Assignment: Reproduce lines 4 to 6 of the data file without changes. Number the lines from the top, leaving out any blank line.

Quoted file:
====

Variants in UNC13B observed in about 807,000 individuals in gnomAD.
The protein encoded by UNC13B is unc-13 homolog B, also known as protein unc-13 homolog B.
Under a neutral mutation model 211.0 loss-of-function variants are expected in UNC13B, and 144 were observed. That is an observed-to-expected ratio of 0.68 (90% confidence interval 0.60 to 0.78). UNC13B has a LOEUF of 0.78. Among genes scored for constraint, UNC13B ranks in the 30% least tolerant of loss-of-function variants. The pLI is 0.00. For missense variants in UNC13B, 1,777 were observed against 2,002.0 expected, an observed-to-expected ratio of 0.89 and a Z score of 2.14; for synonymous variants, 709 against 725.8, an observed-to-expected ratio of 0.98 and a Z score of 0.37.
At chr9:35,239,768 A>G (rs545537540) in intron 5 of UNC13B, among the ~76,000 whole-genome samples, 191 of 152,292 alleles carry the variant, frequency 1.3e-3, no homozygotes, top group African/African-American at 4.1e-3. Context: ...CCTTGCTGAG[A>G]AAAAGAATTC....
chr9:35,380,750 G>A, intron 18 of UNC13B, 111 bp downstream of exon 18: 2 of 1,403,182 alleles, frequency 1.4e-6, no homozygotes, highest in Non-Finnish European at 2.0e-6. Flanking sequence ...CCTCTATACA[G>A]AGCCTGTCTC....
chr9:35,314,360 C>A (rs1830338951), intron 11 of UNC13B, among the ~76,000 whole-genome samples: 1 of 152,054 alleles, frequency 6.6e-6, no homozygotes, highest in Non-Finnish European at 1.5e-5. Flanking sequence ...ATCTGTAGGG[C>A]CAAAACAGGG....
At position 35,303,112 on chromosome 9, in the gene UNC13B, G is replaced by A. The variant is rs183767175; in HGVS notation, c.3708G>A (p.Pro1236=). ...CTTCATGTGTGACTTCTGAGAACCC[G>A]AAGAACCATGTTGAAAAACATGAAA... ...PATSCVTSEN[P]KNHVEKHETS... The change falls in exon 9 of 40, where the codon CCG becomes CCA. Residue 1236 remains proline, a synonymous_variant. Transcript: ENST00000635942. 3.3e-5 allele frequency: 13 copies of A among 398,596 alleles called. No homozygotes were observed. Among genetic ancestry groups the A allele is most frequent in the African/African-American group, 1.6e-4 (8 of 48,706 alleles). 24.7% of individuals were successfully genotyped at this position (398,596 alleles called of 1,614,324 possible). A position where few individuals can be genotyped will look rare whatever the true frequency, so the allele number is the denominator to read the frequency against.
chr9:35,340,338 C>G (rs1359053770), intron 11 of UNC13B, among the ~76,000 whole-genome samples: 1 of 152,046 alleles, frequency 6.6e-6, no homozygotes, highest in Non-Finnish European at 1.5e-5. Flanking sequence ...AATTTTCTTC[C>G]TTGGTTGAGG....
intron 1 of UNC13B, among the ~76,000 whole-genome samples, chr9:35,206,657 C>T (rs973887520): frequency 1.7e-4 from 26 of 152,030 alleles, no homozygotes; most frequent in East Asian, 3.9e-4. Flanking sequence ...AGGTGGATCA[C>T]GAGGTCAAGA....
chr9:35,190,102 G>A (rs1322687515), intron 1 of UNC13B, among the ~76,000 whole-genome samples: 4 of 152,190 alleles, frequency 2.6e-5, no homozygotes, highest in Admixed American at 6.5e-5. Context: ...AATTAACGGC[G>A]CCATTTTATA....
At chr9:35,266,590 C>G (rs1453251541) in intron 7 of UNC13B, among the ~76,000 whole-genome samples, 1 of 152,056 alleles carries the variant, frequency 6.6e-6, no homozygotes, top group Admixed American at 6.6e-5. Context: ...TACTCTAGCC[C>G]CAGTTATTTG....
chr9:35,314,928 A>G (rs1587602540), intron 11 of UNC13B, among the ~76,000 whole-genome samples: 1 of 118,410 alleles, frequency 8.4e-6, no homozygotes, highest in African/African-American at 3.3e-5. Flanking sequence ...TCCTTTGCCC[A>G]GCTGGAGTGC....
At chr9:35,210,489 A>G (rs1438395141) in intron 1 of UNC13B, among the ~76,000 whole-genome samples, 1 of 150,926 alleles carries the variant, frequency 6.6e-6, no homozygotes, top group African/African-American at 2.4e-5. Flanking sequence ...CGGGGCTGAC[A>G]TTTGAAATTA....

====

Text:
At chr9:35,239,768 A>G (rs545537540) in intron 5 of UNC13B, among the ~76,000 whole-genome samples, 191 of 152,292 alleles carry the variant, frequency 1.3e-3, no homozygotes, top group African/African-American at 4.1e-3. Context: ...CCTTGCTGAG[A>G]AAAAGAATTC....
chr9:35,380,750 G>A, intron 18 of UNC13B, 111 bp downstream of exon 18: 2 of 1,403,182 alleles, frequency 1.4e-6, no homozygotes, highest in Non-Finnish European at 2.0e-6. Flanking sequence ...CCTCTATACA[G>A]AGCCTGTCTC....
chr9:35,314,360 C>A (rs1830338951), intron 11 of UNC13B, among the ~76,000 whole-genome samples: 1 of 152,054 alleles, frequency 6.6e-6, no homozygotes, highest in Non-Finnish European at 1.5e-5. Flanking sequence ...ATCTGTAGGG[C>A]CAAAACAGGG....